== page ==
Exploring structure and function of sensory cortex with 7 T MRI


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Abstract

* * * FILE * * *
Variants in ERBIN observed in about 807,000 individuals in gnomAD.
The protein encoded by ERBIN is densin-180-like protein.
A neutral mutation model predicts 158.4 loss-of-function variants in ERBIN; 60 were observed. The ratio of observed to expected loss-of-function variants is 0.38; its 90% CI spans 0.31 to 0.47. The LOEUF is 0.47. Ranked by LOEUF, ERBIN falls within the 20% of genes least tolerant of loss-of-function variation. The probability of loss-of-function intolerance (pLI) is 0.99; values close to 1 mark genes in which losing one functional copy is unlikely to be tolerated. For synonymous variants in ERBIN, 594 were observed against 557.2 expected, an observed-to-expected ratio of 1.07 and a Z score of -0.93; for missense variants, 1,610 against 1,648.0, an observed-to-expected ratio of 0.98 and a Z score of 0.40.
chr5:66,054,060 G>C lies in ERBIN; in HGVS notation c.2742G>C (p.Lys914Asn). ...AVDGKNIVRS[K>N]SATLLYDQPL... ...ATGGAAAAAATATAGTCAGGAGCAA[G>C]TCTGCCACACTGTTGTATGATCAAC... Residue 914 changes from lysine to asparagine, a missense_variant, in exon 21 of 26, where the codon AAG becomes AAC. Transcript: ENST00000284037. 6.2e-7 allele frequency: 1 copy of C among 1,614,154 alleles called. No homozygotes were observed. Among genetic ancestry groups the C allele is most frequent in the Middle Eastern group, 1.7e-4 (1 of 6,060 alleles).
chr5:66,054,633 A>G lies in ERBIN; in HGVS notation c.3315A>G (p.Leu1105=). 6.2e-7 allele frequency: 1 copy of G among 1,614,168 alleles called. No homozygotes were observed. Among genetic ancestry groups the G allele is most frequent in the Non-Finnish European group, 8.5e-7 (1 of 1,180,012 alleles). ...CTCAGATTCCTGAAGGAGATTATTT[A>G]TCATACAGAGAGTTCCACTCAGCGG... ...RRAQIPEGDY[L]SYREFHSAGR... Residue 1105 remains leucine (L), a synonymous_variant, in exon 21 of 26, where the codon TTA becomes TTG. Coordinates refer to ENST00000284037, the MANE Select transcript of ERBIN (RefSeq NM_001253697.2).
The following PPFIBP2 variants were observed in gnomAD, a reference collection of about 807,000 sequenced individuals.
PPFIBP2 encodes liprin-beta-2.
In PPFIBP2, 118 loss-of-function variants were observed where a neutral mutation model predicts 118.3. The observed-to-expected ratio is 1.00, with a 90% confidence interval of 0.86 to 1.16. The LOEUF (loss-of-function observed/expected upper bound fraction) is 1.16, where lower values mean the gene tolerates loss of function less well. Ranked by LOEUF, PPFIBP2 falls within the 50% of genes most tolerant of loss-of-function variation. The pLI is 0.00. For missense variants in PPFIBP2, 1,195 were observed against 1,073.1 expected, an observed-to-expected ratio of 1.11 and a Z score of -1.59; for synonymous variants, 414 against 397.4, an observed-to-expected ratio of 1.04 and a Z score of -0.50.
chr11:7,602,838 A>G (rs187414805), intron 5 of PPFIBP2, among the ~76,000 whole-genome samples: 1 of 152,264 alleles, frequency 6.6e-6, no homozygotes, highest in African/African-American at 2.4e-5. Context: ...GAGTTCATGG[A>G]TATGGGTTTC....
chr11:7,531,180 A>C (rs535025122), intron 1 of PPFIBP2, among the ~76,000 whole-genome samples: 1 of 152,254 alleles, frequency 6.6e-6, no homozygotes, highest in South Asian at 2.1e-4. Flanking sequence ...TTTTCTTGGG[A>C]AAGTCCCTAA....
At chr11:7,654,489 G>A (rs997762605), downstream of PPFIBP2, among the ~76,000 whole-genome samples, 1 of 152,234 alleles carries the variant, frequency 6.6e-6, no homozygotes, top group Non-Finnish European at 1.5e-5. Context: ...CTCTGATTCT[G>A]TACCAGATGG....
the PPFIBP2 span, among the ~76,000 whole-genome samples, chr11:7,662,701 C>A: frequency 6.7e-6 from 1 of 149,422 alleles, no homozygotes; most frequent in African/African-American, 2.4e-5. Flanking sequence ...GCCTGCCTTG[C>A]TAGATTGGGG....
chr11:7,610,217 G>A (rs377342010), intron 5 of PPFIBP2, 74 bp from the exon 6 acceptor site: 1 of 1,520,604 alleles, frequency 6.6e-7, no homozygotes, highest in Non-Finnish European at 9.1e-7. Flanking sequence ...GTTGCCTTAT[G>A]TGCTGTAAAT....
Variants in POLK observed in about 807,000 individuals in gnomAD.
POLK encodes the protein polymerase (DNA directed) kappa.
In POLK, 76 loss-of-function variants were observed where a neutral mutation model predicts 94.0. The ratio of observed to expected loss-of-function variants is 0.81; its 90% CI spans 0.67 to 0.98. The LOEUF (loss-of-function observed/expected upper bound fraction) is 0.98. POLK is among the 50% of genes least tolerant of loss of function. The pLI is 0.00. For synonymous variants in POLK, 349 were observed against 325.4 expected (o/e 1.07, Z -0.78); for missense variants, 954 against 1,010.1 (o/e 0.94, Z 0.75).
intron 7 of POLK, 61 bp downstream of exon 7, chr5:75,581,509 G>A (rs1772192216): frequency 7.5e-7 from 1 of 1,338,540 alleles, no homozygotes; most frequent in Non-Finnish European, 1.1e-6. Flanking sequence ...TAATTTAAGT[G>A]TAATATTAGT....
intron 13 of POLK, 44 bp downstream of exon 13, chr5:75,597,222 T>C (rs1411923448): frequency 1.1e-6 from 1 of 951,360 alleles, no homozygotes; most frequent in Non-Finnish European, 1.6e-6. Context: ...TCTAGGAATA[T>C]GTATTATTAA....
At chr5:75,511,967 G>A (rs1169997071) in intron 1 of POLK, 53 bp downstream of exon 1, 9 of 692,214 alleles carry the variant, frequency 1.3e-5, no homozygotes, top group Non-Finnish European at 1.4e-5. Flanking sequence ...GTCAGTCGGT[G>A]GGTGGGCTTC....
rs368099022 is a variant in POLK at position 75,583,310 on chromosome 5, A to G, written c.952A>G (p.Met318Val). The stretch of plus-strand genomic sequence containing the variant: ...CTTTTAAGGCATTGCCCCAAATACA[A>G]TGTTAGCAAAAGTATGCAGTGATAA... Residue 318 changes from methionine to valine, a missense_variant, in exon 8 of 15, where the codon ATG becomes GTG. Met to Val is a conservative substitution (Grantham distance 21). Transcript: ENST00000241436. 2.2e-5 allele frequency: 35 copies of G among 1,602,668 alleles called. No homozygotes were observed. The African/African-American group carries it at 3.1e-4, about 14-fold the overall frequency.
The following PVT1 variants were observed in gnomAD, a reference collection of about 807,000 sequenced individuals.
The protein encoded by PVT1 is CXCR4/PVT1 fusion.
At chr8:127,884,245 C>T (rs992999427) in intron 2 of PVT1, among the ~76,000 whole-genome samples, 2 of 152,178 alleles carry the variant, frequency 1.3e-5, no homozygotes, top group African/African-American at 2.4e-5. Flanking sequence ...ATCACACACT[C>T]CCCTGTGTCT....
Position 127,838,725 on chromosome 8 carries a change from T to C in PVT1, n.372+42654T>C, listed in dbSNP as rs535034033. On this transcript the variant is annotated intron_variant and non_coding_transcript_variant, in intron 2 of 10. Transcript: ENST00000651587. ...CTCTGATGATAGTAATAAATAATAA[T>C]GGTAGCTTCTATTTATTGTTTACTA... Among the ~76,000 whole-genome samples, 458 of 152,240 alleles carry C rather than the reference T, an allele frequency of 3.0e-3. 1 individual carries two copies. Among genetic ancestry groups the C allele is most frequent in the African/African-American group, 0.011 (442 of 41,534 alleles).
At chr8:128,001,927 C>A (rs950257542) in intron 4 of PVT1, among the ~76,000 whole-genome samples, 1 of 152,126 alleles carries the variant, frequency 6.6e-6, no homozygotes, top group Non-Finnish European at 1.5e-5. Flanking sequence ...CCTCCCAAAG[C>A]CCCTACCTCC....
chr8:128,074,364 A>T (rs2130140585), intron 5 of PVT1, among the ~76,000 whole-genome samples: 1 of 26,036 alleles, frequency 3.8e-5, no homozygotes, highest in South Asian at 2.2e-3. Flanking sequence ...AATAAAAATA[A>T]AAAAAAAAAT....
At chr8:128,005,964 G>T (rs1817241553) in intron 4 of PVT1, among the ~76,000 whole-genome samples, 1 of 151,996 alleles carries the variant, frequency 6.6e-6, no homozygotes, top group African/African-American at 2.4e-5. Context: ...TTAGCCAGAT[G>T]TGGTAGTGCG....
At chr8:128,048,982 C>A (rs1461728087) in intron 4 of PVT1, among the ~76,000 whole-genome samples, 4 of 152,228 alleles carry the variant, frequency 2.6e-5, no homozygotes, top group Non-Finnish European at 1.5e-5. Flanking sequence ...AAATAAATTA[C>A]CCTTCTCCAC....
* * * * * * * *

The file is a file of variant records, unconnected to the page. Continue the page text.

In this paper, we present an overview of 7 T magnetic resonance imaging (MRI) studies of the detailed function and anatomy of sensory areas of the human brain. We discuss the motivation for the studies, with particular emphasis on increasing the spatial resolution of functional MRI (fMRI) using reduced field-of-view (FOV) data acquisitions. MRI at ultra-high-field (UHF) – defined here as 7 T and above – has several advantages over lower field strengths. The intrinsic signal-to-noise ratio (SNR) of images is higher at UHF, and coupled with the increased blood-oxygen-level-dependent (BOLD) signal change, this results in increased BOLD contrast-to-noise ratio (CNR), which can be exploited to improve spatial resolution or detect weaker signals. Additionally, the BOLD signal from the intra-vascular (IV) compartment is relatively diminished compared to lower field strengths. Together, these properties make 7 T functional MRI an attractive proposition for high spatial specificity measures. But with the advantages come some challenges. For example, increased vulnerability to susceptibility-induced geometric distortions and signal loss in EPI acquisitions tend to be much larger. Some of these technical issues can be addressed with currently available tools and will be discussed. We highlight the key methodological considerations for high resolution functional and structural imaging at 7 T. We then present recent data using the high spatial resolution available at UHF in studies of the visual and somatosensory cortex to highlight promising developments in this area.HighlightsMagnetic resonance imaging, MRI, at 7 T can provide increased BOLD contrast-to-noise ratio compared to lower field strengths.For many neuroscience applications, fMRI at 7 T has clear advantages: (a) with voxel sizes of 1 mm3 and below, spatially resolving small brain structures becomes possible; (b) measuring weaker signals such as biases across cortical maps in individual participants is easier; (c) the sensitivity of functional signals from methods other than gradient-echo EPI based BOLD contrast become more robust and usable.We show recent results of mapping somatosensory and visual areas with a reduced field-of-view (FOV) at high spatial resolution, and summarize methodological advances in using these methods.

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